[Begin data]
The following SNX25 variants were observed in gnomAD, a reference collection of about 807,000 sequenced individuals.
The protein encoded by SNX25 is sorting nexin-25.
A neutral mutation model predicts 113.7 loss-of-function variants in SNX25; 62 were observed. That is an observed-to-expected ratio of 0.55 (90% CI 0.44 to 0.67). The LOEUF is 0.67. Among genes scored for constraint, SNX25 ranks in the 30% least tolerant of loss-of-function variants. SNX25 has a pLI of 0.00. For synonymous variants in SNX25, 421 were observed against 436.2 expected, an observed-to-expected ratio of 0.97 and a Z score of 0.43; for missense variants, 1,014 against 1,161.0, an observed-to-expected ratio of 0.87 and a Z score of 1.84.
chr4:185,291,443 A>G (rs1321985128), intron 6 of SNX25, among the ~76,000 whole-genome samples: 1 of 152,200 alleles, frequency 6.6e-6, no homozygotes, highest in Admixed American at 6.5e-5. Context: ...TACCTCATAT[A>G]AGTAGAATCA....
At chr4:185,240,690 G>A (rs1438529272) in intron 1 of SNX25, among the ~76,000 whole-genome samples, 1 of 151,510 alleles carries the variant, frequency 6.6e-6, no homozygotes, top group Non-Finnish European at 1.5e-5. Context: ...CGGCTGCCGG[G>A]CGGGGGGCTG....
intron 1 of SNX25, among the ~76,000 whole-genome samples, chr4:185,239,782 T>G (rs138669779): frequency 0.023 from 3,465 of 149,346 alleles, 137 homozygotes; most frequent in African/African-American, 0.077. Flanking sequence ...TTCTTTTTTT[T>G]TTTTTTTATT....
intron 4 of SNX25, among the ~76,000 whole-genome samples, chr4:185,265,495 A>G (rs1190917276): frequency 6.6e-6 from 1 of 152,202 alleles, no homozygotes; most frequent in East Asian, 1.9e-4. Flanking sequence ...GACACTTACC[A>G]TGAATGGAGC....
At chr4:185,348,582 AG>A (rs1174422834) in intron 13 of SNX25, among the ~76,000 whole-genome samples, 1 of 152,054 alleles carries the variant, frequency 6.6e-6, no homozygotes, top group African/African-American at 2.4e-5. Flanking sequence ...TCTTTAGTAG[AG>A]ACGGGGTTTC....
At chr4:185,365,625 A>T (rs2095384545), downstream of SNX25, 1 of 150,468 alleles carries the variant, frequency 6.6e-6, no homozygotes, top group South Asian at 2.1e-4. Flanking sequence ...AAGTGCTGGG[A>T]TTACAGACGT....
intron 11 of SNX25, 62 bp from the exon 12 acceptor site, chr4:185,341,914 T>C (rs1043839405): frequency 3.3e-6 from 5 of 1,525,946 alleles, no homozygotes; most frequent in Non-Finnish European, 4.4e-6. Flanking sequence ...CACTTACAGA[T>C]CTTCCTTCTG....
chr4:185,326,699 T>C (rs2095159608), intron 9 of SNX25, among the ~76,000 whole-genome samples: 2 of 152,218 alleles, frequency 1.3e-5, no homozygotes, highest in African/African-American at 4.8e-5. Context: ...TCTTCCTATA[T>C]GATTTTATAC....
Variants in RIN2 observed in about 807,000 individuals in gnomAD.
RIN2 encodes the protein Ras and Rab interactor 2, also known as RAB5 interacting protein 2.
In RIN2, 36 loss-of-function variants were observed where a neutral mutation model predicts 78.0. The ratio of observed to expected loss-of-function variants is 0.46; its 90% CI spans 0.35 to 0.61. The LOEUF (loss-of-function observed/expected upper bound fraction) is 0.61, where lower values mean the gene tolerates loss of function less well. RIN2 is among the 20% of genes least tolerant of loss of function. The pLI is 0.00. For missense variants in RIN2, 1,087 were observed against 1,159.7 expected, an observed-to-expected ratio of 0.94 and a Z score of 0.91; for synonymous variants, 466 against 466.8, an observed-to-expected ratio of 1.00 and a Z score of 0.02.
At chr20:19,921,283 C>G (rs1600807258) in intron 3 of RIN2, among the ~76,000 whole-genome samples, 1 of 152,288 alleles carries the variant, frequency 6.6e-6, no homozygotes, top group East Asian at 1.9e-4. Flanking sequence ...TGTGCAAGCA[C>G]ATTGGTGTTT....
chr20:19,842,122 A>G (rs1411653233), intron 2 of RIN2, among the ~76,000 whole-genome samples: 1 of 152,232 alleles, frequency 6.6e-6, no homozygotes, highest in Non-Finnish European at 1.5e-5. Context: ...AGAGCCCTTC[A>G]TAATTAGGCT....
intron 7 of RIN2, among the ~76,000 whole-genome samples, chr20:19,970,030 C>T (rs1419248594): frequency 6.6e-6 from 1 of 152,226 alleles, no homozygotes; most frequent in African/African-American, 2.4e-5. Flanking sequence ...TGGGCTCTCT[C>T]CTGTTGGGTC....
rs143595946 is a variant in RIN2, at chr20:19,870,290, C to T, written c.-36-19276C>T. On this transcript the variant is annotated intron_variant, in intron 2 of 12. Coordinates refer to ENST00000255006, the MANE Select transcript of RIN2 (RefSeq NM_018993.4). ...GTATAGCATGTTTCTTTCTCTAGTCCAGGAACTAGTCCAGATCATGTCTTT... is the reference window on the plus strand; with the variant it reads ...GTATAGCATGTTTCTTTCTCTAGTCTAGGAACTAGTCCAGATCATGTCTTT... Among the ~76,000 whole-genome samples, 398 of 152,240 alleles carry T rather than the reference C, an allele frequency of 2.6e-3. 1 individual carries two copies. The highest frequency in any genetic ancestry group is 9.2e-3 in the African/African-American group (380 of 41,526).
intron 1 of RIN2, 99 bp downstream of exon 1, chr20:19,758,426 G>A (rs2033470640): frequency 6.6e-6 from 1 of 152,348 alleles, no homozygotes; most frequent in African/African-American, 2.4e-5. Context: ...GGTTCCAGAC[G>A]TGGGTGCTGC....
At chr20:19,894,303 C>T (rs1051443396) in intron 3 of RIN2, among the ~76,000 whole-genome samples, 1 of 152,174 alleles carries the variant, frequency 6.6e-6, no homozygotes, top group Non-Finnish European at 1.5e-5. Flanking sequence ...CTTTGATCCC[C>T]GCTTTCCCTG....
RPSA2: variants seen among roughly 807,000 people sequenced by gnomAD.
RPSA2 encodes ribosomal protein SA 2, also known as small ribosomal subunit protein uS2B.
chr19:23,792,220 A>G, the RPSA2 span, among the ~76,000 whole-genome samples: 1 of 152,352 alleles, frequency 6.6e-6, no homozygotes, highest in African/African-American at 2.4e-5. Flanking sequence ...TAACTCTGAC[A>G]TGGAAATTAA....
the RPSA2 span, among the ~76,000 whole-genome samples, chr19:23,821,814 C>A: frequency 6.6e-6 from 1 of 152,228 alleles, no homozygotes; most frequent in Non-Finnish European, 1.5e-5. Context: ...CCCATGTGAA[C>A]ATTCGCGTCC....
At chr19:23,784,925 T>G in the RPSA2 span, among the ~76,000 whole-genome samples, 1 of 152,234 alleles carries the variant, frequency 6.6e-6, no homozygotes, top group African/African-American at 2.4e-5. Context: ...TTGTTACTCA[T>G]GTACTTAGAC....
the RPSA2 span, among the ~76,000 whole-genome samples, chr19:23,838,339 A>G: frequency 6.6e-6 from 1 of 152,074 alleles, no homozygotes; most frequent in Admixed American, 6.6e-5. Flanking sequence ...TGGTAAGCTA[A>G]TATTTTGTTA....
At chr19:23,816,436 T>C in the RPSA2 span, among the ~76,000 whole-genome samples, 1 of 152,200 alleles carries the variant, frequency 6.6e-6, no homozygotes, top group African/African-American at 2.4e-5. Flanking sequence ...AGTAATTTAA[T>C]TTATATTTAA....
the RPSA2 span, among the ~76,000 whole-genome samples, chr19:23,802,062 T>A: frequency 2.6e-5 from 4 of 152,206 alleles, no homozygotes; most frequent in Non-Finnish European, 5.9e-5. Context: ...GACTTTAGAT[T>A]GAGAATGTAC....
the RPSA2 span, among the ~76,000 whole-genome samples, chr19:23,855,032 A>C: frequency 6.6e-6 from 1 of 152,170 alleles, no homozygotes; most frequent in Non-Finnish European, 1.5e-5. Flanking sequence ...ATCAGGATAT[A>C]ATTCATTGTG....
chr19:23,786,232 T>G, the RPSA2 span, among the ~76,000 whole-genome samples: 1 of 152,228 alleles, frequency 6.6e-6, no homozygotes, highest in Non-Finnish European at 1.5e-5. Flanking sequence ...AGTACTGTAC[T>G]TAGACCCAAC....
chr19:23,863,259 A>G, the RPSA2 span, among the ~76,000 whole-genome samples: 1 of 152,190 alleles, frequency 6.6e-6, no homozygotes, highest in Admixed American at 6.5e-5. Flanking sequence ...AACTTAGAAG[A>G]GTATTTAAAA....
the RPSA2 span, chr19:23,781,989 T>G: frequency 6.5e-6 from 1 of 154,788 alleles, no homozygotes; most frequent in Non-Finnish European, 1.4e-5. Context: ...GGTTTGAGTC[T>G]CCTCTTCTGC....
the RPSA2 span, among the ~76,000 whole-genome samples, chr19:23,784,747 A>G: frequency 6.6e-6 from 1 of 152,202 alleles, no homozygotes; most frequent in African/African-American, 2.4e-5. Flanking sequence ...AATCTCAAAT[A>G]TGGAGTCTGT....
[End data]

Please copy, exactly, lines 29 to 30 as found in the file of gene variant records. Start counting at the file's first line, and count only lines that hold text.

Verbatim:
the RPSA2 span, among the ~76,000 whole-genome samples, chr19:23,855,032 A>C: frequency 6.6e-6 from 1 of 152,170 alleles, no homozygotes; most frequent in Non-Finnish European, 1.5e-5. Flanking sequence ...ATCAGGATAT[A>C]ATTCATTGTG....
chr19:23,786,232 T>G, the RPSA2 span, among the ~76,000 whole-genome samples: 1 of 152,228 alleles, frequency 6.6e-6, no homozygotes, highest in Non-Finnish European at 1.5e-5. Flanking sequence ...AGTACTGTAC[T>G]TAGACCCAAC....